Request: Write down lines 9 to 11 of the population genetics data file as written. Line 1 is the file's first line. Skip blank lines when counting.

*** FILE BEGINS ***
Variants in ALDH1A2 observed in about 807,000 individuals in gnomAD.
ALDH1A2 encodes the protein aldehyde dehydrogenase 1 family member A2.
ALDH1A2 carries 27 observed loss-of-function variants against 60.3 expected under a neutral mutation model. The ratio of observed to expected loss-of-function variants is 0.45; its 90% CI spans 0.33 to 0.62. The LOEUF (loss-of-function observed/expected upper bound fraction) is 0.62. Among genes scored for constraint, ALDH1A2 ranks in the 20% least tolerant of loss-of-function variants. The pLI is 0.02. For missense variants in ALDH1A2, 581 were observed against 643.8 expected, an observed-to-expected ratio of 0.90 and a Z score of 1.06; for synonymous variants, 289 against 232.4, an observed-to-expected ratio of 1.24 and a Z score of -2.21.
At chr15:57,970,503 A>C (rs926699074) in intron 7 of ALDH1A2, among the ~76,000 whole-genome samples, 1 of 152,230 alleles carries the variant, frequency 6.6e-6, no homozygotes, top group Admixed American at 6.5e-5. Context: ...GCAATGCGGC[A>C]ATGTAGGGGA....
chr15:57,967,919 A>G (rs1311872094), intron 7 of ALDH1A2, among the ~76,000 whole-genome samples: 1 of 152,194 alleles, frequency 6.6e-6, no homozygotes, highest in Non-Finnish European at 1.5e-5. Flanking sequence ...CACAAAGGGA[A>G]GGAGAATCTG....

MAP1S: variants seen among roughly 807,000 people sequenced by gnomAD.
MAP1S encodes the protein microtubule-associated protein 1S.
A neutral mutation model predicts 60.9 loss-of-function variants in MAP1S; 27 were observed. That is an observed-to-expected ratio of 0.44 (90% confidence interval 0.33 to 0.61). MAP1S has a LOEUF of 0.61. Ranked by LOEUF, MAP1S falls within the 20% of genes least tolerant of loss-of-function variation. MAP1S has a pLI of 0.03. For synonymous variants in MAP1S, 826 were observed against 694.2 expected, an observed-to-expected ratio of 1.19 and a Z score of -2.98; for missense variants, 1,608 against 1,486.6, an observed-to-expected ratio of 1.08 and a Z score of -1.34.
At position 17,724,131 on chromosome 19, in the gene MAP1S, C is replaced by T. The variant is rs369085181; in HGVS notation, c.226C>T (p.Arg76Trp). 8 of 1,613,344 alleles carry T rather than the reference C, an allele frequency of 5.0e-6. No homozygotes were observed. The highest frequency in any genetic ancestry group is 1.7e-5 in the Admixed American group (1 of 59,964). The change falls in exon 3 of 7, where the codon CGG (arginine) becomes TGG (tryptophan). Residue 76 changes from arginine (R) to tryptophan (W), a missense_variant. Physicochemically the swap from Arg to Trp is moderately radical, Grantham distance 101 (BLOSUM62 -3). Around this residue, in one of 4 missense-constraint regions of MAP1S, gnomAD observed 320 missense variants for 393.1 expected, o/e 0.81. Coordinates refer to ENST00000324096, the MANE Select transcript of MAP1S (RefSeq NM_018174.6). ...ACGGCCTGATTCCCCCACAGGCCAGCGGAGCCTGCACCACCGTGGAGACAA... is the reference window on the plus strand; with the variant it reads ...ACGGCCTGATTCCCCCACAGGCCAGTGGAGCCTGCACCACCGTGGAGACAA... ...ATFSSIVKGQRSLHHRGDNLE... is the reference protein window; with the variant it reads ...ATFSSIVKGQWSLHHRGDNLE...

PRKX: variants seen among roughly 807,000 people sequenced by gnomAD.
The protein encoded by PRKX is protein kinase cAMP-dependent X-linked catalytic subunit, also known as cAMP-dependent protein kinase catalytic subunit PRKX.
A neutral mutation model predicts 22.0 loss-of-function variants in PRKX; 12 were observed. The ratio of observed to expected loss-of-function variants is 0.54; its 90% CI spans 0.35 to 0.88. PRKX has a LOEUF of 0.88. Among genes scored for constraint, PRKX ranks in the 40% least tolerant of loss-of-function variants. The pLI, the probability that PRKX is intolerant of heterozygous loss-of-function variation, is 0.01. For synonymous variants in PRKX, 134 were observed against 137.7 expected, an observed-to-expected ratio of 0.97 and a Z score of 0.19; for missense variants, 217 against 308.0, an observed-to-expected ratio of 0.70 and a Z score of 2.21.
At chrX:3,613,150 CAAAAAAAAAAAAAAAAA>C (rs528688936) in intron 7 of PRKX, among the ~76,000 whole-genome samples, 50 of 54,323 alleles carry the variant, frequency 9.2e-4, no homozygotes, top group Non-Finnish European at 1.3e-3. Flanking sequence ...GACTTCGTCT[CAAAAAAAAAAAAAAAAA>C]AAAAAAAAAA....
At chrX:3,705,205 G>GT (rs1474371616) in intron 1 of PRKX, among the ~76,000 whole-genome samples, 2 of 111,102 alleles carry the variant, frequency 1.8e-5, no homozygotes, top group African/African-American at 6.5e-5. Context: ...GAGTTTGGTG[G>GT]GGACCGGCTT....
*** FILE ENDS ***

At position 17,724,131 on chromosome 19, in the gene MAP1S, C is replaced by T. The variant is rs369085181; in HGVS notation, c.226C>T (p.Arg76Trp). 8 of 1,613,344 alleles carry T rather than the reference C, an allele frequency of 5.0e-6. No homozygotes were observed. The highest frequency in any genetic ancestry group is 1.7e-5 in the Admixed American group (1 of 59,964). The change falls in exon 3 of 7, where the codon CGG (arginine) becomes TGG (tryptophan). Residue 76 changes from arginine (R) to tryptophan (W), a missense_variant. Physicochemically the swap from Arg to Trp is moderately radical, Grantham distance 101 (BLOSUM62 -3). Around this residue, in one of 4 missense-constraint regions of MAP1S, gnomAD observed 320 missense variants for 393.1 expected, o/e 0.81. Coordinates refer to ENST00000324096, the MANE Select transcript of MAP1S (RefSeq NM_018174.6). ...ACGGCCTGATTCCCCCACAGGCCAGCGGAGCCTGCACCACCGTGGAGACAA... is the reference window on the plus strand; with the variant it reads ...ACGGCCTGATTCCCCCACAGGCCAGTGGAGCCTGCACCACCGTGGAGACAA... ...ATFSSIVKGQRSLHHRGDNLE... is the reference protein window; with the variant it reads ...ATFSSIVKGQWSLHHRGDNLE...

PRKX: variants seen among roughly 807,000 people sequenced by gnomAD.
The protein encoded by PRKX is protein kinase cAMP-dependent X-linked catalytic subunit, also known as cAMP-dependent protein kinase catalytic subunit PRKX.